Reflecting on a Broken Vow
Some years ago, I took a Nazirite vow never to write on race in America. Yet, persuaded by the editorial team at First Things, I broke that vow. Now it is time to offer a brief reflection on some of the responses.
There were the predictable Twitter storms with the traditional aspersions cast on my moral character, pedagogical abilities, and intellectual competence. D.C. Schindler for the win! But no real harm was done. My wife is an absolute saint: she still loves me, however evil, stupid and, ahem, ‘demonic’ I may be.
In a now-removed tweet, one person in the PCA stated that he was rebuked by his church’s associate pastor for linking to the article. It later apparently emerged that the associate pastor had not even read it.
An African American pastor, Thabiti Anyabwile, advised his Twitter followers to ignore my article as a colonialist power play and distraction. He based his claim on the fact that I had started with a genealogy of critical theory which led back to Europe and the Frankfurt School. My point in doing that was not to colonize anyone, nor to imply guilt by association or by some application of the genetic fallacy. It was to do what intellectual historians do: use the history of ideas to see what kind of issues certain concepts have generated in the past in order better to assess what questions to ask in the present, thereby promoting constructive discussion. And given that one prominent Christian activist has referred publicly to Angela Davis—in my view Herbert Marcuse’s most brilliant and influential student—as an inspirational example of hope, I can surely be forgiven for thinking that the Frankfurt School may have some relevance to contemporary approaches to race in the American Christian world.
Both of these examples would suggest that at least some of those concerned with race and the American church consider their approach to be self-certifying, as I claim in my article.
A number of individuals contacted me to say that I had misrepresented Christianity Today and other organizations by incorrectly claiming that they had not published critical voices on the CRT issue. There are indeed a number of historical pieces at blogs connected to CT and elsewhere on the topic of CRT. But 2020 was a very long year in the matter of race and politics and my article was specifically talking about claims made in the wake of the BLM protests of last summer. Given that, my point was correct (at least at the time my article went to press in December). I also meant (though perhaps could have expressed this more clearly) responses aimed specifically at those articles I cited which had appeared on those evangelical sites. Frankly, there needs to be direct criticism – polite and gracious, as becomes Christians, but still direct -- of particular people on those same sites. Generic commentary on the incompatibility of CRT with Christianity lacks real pungency.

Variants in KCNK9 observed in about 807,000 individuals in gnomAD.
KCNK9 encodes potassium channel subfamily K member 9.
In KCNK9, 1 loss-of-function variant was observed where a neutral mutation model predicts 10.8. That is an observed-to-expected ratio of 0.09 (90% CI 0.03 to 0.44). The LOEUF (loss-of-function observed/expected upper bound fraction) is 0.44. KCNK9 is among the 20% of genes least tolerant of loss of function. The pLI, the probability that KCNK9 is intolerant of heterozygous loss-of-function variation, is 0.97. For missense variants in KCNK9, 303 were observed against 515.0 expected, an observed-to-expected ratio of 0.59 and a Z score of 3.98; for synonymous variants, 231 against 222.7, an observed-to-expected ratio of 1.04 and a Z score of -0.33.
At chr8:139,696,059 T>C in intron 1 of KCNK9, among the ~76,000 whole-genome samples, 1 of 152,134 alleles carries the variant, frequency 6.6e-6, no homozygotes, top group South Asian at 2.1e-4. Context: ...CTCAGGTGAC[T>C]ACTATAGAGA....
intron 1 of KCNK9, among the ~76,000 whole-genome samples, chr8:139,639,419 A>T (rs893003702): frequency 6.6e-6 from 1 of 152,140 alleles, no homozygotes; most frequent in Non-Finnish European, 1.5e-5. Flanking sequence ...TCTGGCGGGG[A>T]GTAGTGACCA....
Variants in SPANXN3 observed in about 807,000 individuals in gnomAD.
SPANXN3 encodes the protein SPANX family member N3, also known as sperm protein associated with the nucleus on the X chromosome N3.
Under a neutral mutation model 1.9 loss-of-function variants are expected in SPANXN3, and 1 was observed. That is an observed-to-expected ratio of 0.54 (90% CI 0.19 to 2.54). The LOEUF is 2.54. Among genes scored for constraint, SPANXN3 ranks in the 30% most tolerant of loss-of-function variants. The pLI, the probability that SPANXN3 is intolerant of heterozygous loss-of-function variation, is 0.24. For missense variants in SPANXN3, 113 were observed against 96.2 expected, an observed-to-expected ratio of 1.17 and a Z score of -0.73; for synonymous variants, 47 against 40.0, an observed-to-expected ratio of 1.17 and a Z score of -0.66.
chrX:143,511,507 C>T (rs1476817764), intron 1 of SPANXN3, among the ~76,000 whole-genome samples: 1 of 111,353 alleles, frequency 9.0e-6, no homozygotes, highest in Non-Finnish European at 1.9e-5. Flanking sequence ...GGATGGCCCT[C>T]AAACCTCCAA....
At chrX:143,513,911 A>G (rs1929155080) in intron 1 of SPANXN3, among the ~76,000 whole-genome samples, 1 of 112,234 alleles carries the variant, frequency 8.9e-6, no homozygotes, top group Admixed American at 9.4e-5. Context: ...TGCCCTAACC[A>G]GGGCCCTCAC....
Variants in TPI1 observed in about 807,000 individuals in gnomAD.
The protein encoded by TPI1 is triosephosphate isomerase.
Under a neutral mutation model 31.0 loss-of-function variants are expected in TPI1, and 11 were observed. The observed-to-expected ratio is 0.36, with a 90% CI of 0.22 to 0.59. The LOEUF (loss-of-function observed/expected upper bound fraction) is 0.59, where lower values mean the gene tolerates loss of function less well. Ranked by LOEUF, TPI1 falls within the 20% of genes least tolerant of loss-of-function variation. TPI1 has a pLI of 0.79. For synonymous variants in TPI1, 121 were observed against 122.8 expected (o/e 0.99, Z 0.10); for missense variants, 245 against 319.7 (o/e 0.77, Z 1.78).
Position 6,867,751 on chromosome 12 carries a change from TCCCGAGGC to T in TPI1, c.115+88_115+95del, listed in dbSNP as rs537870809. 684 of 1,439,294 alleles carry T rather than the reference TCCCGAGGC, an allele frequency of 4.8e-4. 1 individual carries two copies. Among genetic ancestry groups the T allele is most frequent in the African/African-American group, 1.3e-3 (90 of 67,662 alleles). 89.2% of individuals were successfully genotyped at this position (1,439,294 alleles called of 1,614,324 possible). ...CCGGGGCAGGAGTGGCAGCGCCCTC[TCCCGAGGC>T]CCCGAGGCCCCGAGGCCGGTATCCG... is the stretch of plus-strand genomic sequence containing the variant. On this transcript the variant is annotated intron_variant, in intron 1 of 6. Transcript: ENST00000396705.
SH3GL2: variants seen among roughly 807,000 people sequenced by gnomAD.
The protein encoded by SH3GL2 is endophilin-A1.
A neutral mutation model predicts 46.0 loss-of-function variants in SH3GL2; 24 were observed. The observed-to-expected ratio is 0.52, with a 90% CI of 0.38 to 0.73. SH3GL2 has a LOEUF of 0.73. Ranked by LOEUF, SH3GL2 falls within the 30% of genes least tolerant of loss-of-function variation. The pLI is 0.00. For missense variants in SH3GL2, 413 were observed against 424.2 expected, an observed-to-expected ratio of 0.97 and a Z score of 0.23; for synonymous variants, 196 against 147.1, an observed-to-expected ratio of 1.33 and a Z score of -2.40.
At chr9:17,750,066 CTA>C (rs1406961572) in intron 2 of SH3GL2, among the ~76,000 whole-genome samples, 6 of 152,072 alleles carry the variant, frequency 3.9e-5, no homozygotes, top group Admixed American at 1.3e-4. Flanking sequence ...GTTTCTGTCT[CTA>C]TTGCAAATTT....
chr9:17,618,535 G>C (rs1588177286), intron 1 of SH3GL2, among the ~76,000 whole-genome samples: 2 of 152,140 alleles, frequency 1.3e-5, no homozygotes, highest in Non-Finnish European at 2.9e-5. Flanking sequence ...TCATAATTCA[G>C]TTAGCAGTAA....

As I criticized Christianity Today in the article, it is appropriate to mention that Dr. Valerie Hobbs offered a response at Jesus Creed, a CT-connected blog. I would encourage readers to look at her article for themselves as I can here offer only a couple of thoughts.
First, Hobbs points out that the phrase ‘critical race theory’ is often used as a kind of ‘red scare’ tactic. I agree. In the article, I noted this use of such labels, describing it as ‘lazy,’ ‘reckless rhetoric,’ and the hurling of ‘brickbats’ designed to ‘foreclose the discussion before it has begun.’ Where Dr. Hobbs and I may differ, I suspect, is that I see ‘white privilege’ and other such terms as often fulfilling the same pre-emptive, therapeutic role for the left.